My daughter pointed out that the ad only showed the tubes and wands, and we could just barely see differences in the shapes of the wands; “If they showed four eyes wearing the different kinds, maybe we could see the difference.” Yes, that is the information we would need to choose our eyelash style if we weren’t satisfied with our natural eyelashes, which we are. This ad wants me to think my eyelashes must not be good enough. Ridiculous!
Comparison Shopping: The Best Way to Get What You Want
Your kid wants rainbow unicorn pajamas? Explain and demonstrate how to do a web search. At first, we’ll see lots of choices, but we are not going to make an impulsive decision! There are many things to think about:
- If you’re avoiding flame-retardant chemicals, narrow your search from the get-go by using “cotton” as a keyword.
- Have a price ceiling in mind, and don’t even click on options that cost more than you can pay.
- Look carefully at the garment design, trying to choose something that will be comfortable. Do you want stretchy pajamas with no buttons, or would you consider flannel? Long or short sleeves?
- Is it available in your size? Measure to make sure you’re choosing the right size.
- Toss out any that you just don’t like because the unicorns are making yucky faces, the background is an unpleasant color, etc.
- What do reviewers say, and do they sound like real people or fake reviews? Reading reviews can make you aware of issues you hadn’t considered, like whether there’s a seam on the outside of the leg that might dig into you if you sleep on your side.
- Look for socially responsible options like pajamas made by a local small business, made of organic cotton, or fair-trade certified.
- Now look at the price, extra costs, and discounts. Don’t forget shipping charges! Choose the least expensive option that will work for you. Sometimes there’s a compromise when you pay a little extra for the more socially responsible product or the prettier unicorns.
Emphasize the excitement of getting a good deal on a good product! All this searching and thinking pays off when you get cute, comfy pajamas that make you happy and last long enough to hand down to your cousin!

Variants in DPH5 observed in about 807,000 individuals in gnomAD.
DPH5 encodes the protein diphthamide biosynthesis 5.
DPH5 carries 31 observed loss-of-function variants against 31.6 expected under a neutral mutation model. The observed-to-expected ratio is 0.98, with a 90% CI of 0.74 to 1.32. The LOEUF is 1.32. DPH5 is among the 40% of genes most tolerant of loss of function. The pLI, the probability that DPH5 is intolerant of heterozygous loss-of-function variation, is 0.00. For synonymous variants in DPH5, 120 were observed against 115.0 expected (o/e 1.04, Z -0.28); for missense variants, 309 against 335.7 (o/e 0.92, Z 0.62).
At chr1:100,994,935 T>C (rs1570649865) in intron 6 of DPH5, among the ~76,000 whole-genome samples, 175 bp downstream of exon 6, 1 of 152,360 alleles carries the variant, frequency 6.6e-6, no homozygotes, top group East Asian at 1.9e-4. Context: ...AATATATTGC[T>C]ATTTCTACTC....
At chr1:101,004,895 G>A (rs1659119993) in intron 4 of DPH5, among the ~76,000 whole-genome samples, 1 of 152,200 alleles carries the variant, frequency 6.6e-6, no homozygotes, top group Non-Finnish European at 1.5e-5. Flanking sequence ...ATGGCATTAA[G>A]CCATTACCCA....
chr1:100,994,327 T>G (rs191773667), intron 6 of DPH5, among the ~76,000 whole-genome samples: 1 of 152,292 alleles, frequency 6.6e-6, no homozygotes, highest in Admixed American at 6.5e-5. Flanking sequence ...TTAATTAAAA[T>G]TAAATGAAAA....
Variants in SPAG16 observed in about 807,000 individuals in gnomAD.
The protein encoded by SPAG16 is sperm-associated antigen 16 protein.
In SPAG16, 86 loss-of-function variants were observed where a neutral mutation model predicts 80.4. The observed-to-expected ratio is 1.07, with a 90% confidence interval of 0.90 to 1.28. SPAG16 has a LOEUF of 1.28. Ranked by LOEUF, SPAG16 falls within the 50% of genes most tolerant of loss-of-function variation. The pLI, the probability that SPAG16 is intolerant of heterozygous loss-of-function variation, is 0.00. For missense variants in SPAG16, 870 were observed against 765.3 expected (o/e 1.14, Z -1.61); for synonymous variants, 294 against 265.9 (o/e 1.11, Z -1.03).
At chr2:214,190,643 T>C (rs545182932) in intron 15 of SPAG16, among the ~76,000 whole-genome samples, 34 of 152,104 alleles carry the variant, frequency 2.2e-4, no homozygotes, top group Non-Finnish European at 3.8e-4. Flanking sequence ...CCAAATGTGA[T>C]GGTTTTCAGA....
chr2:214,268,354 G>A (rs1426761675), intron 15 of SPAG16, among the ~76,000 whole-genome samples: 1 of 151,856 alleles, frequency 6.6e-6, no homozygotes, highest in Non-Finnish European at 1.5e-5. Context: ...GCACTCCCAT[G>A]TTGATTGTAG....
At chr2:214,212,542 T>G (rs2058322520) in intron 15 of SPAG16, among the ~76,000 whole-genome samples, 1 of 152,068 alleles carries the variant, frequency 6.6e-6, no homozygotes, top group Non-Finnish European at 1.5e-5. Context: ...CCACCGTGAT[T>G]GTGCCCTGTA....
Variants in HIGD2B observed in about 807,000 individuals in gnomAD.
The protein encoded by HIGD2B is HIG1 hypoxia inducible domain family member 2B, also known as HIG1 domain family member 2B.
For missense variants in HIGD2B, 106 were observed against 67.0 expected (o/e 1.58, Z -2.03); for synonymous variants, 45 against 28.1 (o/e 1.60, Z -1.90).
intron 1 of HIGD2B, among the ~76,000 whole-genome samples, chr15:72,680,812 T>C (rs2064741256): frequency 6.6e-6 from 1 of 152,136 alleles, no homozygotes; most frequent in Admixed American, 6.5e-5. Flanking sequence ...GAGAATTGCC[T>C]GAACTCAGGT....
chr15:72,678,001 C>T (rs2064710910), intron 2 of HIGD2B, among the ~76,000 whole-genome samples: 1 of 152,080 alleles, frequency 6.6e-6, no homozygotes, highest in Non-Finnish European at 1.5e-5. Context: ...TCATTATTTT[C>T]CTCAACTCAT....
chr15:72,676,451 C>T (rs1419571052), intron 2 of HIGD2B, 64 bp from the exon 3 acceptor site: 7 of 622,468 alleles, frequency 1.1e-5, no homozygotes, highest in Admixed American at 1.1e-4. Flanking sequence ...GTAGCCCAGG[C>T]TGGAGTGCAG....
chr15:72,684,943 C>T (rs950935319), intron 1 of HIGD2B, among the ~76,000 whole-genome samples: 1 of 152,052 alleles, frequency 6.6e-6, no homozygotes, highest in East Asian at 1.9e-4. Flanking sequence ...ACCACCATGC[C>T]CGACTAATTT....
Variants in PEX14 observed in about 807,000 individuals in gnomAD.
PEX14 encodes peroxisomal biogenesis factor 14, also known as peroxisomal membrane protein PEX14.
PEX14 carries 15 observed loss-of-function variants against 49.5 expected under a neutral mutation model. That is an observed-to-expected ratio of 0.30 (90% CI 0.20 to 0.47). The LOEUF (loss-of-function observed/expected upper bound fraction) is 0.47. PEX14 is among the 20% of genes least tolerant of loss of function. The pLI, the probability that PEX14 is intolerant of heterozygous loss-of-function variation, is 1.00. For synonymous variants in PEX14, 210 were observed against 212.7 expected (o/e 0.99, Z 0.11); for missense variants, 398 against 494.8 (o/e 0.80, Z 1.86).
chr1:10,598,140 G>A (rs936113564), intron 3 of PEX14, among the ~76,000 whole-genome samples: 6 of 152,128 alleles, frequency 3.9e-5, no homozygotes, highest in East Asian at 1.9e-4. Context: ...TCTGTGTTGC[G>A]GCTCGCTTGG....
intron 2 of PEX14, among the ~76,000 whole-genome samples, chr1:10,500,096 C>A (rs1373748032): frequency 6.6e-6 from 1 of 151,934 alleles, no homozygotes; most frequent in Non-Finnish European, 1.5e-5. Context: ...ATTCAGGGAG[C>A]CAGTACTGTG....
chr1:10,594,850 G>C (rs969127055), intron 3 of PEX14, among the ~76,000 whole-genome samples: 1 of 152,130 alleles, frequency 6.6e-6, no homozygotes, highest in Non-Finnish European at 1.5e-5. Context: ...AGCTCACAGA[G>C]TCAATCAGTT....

I find that my kids get very excited as they look at the options, and there’s usually a stage of acting greedy and wanting more things than we agreed to buy–but as we keep winnowing down the options, they appreciate that I’m paying so much attention to finding them just the right thing. Usually, they’re very happy with what they get in the end.
Comparison shopping is a great tool for buying food and other consumable goods, too. Getting the best price is important for things you buy repeatedly because those savings add up over time.
When a product is available in multiple sizes, which is the best value for your money? Many stores have shelf tags that tell you the price per ounce, per pound, or per individual item–the “unit price.” The lowest unit price is the best value unless it gives you more than you can use! If applesauce is $3 for 30 ounces (10c/oz) or $7.25 for 120 ounces (6c/oz), but you’ll only eat 60 ounces before you’re tired of applesauce and it gets moldy . . . either buy the 30-ounce size or scoop half of the 60-ounce into a freezer container and then thaw it next time you want applesauce!
Sometimes the “weird” brand is just as good as the one you’ve seen advertised; other times it isn’t. Buy the cheapest brand and give it a try! You could even do a blind taste test comparing two or more brands–check out my Girl Scout troop’s cereal and applesauce test and my family’s chewing gum brand comparison. If you shop at ALDI, where most of the products are house brands, put them up against the advertised national brands and see if your family members can tell the difference!
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Seeing Through the Sneaky Strategies
Watch the sidebar ads as you guide your child through online shopping. On many sites, the ads are influenced (using cookies) by the things we recently viewed on the Web.